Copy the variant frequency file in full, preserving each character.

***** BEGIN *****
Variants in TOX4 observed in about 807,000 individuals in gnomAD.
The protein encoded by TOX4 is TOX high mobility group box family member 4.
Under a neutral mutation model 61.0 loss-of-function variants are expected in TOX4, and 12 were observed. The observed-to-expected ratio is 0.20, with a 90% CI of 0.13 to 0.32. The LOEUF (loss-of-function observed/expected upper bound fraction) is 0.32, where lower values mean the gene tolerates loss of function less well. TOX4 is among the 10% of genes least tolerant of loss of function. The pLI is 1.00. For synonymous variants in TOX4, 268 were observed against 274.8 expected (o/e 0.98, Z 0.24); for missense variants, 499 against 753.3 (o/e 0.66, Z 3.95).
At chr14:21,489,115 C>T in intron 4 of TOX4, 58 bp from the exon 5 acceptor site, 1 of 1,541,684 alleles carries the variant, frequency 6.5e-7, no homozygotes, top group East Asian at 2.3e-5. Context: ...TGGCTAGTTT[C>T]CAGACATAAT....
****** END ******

Variants in TOX4 observed in about 807,000 individuals in gnomAD.
The protein encoded by TOX4 is TOX high mobility group box family member 4.
Under a neutral mutation model 61.0 loss-of-function variants are expected in TOX4, and 12 were observed. The observed-to-expected ratio is 0.20, with a 90% CI of 0.13 to 0.32. The LOEUF (loss-of-function observed/expected upper bound fraction) is 0.32, where lower values mean the gene tolerates loss of function less well. TOX4 is among the 10% of genes least tolerant of loss of function. The pLI is 1.00. For synonymous variants in TOX4, 268 were observed against 274.8 expected (o/e 0.98, Z 0.24); for missense variants, 499 against 753.3 (o/e 0.66, Z 3.95).
At chr14:21,489,115 C>T in intron 4 of TOX4, 58 bp from the exon 5 acceptor site, 1 of 1,541,684 alleles carries the variant, frequency 6.5e-7, no homozygotes, top group East Asian at 2.3e-5. Context: ...TGGCTAGTTT[C>T]CAGACATAAT....